Jane Austen, Emma: Vol. 3, Ch. 7

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Chapter VII

They had a very fine day for Box Hill;d and all the other outward circumstances of arrangement, accommodation, and punctuality, were in favour of a pleasant party. Mr. Weston directed the whole, officiating safely between Hartfield and the Vicarage, and every body was in good time. Emma and Harriet went together; Miss Bates and her niece, with the Eltons; the gentlemen on horseback. Mrs. Weston remained with Mr. Woodhouse. Nothing was wanting but to be happy when they got there. Seven miles were travelled in expectation of enjoyment, and every body had a burst of admiration on first arriving; but in the general amount of the day there was deficiency. There was a languor, a want of spirits, a want of union, which could not be got over. They separated too much into parties. The Eltons walked together; Mr. Knightley took charge of Miss Bates and Jane; and Emma and Harriet belonged to Frank Churchill. And Mr. Weston tried, in vain, to make them harmonise better. It seemed at first an accidental division, but it never materially varied. Mr. and Mrs. Elton, indeed, shewed no unwillingness to mix, and be as agreeable as they could; but during the two whole hours that were spent on the hill, there seemed a principle of separation, between the other parties, too strong for any fine prospects, or any cold collationw, or any cheerful Mr. Weston, to remove.

At first it was downright dulness to Emma. She had never seen Frank Churchill so silent and stupid. He said nothing worth hearing—looked without seeing—admired without intelligence—listened without knowing what she said. While he was so dull, it was no wonder that Harriet should be dull likewise; and they were both insufferable.

When they all sat down it was better; to her taste a great deal better, for Frank Churchill grew talkative and gayd, making her his first object. Every distinguishing attention that could be paid, was paid to her. To amuse her, and be agreeable in her eyes, seemed all that he cared for—and Emma, glad to be enlivened, not sorry to be flattered, was gay and easy too, and gave him all the friendly encouragement, the admission to be gallant, which she had ever given in the first and most animating period of their acquaintance; but which now, in her own estimation, meant nothing, though in the judgment of most people looking on it must have had such an appearance as no English word but flirtation could very well describe. "Mr. Frank Churchill and Miss Woodhouse flirted together excessively." They were laying themselves open to that very phrase—and to having it sent off in a letter to Maple Grove by one lady, to Ireland by another. Not that Emma was gay and thoughtless from any real felicity; it was rather because she felt less happy than she had expected. She laughed because she was disappointed; and though she liked him for his attentions, and thought them all, whether in friendship, admiration, or playfulness, extremely judicious, they were not winning back her heart. She still intended him for her friend.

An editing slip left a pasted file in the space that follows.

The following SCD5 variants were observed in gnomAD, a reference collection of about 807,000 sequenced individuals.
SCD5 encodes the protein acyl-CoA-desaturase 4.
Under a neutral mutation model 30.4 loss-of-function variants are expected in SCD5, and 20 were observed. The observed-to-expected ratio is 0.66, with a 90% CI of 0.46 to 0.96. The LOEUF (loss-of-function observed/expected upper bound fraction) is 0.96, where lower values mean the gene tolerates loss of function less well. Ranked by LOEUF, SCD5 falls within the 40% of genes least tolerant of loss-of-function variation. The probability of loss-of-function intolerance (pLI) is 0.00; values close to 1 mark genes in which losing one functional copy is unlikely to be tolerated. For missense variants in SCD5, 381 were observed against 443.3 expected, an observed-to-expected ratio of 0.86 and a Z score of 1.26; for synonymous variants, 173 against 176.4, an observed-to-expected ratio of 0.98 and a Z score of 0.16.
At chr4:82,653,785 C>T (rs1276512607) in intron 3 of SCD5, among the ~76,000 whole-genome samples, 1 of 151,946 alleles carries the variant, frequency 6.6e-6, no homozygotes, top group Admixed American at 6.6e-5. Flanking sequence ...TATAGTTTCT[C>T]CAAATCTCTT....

"How much I am obliged to you," said he, "for telling me to come to-day!—If it had not been for you, I should certainly have lost all the happiness of this party. I had quite determined to go away again."

"Yes, you were very cross; and I do not know what about, except that you were too late for the best strawberries. I was a kinder friend than you deserved. But you were humble. You begged hard to be commanded to come."

"Don't say I was cross. I was fatigued. The heat overcame me."

"It is hotter to-day."

"Not to my feelings. I am perfectly comfortable to-day."

"You are comfortable because you are under command."

"Your command?—Yes."

"Perhaps I intended you to say so, but I meant self-command. You had, somehow or other, broken bounds yesterday, and run away from your own management; but to-day you are got back again—and as I cannot be always with you, it is best to believe your temper under your own command rather than mine."

X [d] They had a very fine day for Box Hill;

Writing & Reading

The climactic chapter. Austen has planned the events to occur outdoors, figuratively and literally well beyond the shrubbery, which invites behavior the drawing room and shrubbery-enclosed areas inhibit.

The excursion and picnic were to have been buoyant, but something is amiss; some infection has touched the group, which has become atomized and listless.…

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X [w] collation

Snacks; light meal.

X [d] talkative and gay

Frank becomes manically flirtatious.